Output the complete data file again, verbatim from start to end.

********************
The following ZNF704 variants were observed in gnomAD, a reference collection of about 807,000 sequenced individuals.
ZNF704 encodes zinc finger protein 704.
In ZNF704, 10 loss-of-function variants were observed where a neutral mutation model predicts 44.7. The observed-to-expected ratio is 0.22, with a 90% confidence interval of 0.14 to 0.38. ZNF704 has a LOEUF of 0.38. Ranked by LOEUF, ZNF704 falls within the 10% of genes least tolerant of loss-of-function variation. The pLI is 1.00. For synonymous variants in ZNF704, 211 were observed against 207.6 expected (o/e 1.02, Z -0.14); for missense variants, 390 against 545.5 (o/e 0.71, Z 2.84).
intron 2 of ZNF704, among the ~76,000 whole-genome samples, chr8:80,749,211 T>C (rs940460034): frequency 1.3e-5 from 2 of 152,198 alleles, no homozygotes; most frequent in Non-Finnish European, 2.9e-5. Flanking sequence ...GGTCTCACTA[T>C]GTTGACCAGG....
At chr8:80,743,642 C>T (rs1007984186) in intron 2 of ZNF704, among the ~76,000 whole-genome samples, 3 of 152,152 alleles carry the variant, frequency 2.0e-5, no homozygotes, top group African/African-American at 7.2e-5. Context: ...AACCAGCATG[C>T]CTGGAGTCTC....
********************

The following ZNF704 variants were observed in gnomAD, a reference collection of about 807,000 sequenced individuals.
ZNF704 encodes zinc finger protein 704.
In ZNF704, 10 loss-of-function variants were observed where a neutral mutation model predicts 44.7. The observed-to-expected ratio is 0.22, with a 90% confidence interval of 0.14 to 0.38. ZNF704 has a LOEUF of 0.38. Ranked by LOEUF, ZNF704 falls within the 10% of genes least tolerant of loss-of-function variation. The pLI is 1.00. For synonymous variants in ZNF704, 211 were observed against 207.6 expected (o/e 1.02, Z -0.14); for missense variants, 390 against 545.5 (o/e 0.71, Z 2.84).
intron 2 of ZNF704, among the ~76,000 whole-genome samples, chr8:80,749,211 T>C (rs940460034): frequency 1.3e-5 from 2 of 152,198 alleles, no homozygotes; most frequent in Non-Finnish European, 2.9e-5. Flanking sequence ...GGTCTCACTA[T>C]GTTGACCAGG....
At chr8:80,743,642 C>T (rs1007984186) in intron 2 of ZNF704, among the ~76,000 whole-genome samples, 3 of 152,152 alleles carry the variant, frequency 2.0e-5, no homozygotes, top group African/African-American at 7.2e-5. Context: ...AACCAGCATG[C>T]CTGGAGTCTC....